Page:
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Do you have a Financial Advisor?


wendyroo
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DH and I think it is time to consult/hire a financial consultant, but we don't know where to look or start.

Over the years we have occasionally met with an advisor at our bank to discuss college savings or IRA investments, but those have always been one off appointments that just offered us suggestions. Now we want someone to actually manage our money for us.

Have you had good experiences with a large firm? Or do you prefer an individual or small group?

What are the practical considerations we should keep in mind as we look?

Thanks.

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I'm curious too. It would be nice to find someone who works for a flat fee, but that doesn't seem to be too common. Probably because to make what they are worth the fee would be higher than people want to pay - like people that want a great math or foreign language tutor for $3 an hour.

We have a legacy connection to a large, well thought of firm but they would prefer to have all of our assets invested through them, which is a bit tricky, and they would charge 10% of our investment (maybe I'm not remembering that incorrectly). DH enjoys managing our finances, so although we have discussed switching in the past, the trade off has not quite made sense. However, he spends hours a month on our finances, which can be a burden. On the other hand, neither of us likes change or any financial uncertainty, so we just keep doing what we are doing.

Are you interested in finding someone to help you set up a plan for college and retirement? Perhaps evaluate your current investment and savings vehicles? You don't strike me as needing monthly budgeting advice.

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My husband and I have used fee-only financial advisors and that has worked very well for us. We have an array of retirement accounts, and having one person who can assess the investment balance/diversity and advise us on tax implications has been really helpful. I pick my own funds and do not need active investment management.

https://www.napfa.org/find-an-advisor

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5 minutes ago, NorthwestMom said:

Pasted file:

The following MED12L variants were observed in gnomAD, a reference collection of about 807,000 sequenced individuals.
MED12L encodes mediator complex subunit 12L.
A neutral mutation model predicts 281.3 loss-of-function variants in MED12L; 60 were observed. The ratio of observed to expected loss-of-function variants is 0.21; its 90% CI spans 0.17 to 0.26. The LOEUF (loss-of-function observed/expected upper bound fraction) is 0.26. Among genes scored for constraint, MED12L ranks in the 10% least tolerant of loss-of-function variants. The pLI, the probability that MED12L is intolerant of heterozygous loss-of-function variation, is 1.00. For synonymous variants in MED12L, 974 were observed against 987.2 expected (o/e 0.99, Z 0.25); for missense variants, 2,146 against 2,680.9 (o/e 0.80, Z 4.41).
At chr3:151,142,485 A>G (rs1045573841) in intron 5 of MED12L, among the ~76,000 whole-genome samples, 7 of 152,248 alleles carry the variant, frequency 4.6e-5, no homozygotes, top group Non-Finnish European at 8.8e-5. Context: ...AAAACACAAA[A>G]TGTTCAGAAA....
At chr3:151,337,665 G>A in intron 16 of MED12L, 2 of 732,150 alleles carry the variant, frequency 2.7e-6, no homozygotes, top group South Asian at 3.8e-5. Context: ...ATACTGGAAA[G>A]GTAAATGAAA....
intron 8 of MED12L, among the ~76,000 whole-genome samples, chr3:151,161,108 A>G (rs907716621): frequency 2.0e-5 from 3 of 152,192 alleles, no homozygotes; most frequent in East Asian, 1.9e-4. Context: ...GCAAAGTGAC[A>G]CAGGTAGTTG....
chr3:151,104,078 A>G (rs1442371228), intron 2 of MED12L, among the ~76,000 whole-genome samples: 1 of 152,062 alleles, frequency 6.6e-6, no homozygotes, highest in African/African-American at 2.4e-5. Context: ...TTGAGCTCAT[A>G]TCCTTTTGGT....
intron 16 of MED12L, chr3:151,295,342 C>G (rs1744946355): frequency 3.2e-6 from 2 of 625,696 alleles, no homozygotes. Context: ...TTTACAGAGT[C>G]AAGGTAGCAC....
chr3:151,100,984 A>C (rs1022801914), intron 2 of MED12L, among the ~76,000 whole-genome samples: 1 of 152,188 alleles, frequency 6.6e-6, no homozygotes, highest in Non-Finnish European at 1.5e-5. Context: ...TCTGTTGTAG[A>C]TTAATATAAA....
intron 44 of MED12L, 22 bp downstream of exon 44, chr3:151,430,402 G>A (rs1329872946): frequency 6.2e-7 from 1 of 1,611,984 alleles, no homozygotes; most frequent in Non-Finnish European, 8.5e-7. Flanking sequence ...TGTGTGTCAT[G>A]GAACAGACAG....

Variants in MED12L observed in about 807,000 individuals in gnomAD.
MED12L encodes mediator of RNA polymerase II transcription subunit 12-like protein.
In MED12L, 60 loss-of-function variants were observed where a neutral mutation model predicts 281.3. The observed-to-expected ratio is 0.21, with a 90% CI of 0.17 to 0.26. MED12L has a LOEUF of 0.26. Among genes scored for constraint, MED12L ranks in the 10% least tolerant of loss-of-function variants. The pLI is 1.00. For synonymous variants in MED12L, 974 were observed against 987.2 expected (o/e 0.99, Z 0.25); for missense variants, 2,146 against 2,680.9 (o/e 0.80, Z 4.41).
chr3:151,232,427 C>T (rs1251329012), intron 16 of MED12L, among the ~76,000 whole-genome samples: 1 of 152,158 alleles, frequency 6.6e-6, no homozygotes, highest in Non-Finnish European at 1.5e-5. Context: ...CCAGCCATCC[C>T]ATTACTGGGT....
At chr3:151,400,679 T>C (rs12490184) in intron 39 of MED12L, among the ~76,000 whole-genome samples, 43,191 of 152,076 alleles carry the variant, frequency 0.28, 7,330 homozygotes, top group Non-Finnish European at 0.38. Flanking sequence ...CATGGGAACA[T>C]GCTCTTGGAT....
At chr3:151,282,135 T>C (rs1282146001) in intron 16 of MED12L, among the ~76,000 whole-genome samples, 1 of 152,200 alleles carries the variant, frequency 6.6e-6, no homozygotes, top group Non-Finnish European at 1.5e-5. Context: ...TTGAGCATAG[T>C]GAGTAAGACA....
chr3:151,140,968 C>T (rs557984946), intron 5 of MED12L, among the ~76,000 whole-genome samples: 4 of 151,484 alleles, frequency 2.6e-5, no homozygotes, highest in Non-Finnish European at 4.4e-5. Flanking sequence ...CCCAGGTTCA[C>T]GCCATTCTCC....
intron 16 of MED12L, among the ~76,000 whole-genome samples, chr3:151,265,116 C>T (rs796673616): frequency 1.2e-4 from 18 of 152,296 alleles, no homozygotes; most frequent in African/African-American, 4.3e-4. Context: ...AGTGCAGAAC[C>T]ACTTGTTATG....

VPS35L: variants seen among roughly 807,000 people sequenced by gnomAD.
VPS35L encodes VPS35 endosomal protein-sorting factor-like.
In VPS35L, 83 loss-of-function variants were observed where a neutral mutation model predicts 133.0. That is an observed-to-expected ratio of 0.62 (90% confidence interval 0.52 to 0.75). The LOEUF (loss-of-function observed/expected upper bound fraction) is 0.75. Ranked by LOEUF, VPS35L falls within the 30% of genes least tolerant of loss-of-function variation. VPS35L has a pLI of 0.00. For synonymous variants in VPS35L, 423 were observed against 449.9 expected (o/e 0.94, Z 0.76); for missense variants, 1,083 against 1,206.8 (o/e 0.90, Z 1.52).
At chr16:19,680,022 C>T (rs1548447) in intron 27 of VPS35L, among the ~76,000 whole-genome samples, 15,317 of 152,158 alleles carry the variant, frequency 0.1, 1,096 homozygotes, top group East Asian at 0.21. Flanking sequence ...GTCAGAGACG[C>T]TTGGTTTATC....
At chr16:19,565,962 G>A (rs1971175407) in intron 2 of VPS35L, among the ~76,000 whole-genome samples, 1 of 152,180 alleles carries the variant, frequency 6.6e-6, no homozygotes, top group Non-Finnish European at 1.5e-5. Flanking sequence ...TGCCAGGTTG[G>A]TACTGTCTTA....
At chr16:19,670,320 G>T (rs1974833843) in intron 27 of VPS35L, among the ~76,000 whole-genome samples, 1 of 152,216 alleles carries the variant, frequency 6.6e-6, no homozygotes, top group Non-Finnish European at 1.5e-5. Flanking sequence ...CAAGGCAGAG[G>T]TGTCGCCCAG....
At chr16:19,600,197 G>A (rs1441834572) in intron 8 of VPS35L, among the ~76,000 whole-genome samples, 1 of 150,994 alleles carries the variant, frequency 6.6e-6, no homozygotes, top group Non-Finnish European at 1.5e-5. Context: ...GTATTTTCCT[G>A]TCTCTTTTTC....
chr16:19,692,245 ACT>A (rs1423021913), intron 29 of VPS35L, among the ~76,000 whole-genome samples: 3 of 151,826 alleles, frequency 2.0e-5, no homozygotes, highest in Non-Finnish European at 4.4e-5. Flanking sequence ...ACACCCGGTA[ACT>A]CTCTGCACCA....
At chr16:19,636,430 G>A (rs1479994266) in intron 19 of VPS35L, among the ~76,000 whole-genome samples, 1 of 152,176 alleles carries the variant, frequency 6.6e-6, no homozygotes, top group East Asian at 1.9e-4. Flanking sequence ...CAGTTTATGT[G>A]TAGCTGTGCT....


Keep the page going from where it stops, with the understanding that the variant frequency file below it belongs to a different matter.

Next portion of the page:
My husband and I have used fee-only financial advisors and that has worked very well for us. We have an array of retirement accounts, and having one person who can assess the investment balance/diversity and advise us on tax implications has been really helpful. I pick my own funds and do not need active investment management.

https://www.napfa.org/find-an-advisor

We’ve done similar and that has been perfect for us too.  

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The term "financial advisor" can refer to people providing a wide-array of financial services.  It is important to know what type of services you are wanting and needing; that will impact the type of person that you are looking for.  It is also helpful to have a bit of an idea of what type of approach to investing you want to take.  Do you want to own individual stocks?  Do you want to focus on mutual funds?  Do you want to follow an active or a passive management approach?  

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We have an investment advisor. We started with one many years ago when DH accepted a voluntary severance package that resulted in a large payout that we didn’t need to live on because he already had another job lined up. His then employer connected people with advisors with a large group. We really clicked with him and have allowed him to continue to manage a portion of our investments over the years. Several years ago he moved from the large group to a much smaller wealth management firm and we moved with him and continue to be happy with what he does for us. We feel that his advice and services have been well worth the money. 

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55 minutes ago, SusanC said:

Are you interested in finding someone to help you set up a plan for college and retirement? Perhaps evaluate your current investment and savings vehicles? You don't strike me as needing monthly budgeting advice.

 

19 minutes ago, Bootsie said:

The term "financial advisor" can refer to people providing a wide-array of financial services.  It is important to know what type of services you are wanting and needing; that will impact the type of person that you are looking for.  It is also helpful to have a bit of an idea of what type of approach to investing you want to take.  Do you want to own individual stocks?  Do you want to focus on mutual funds?  Do you want to follow an active or a passive management approach?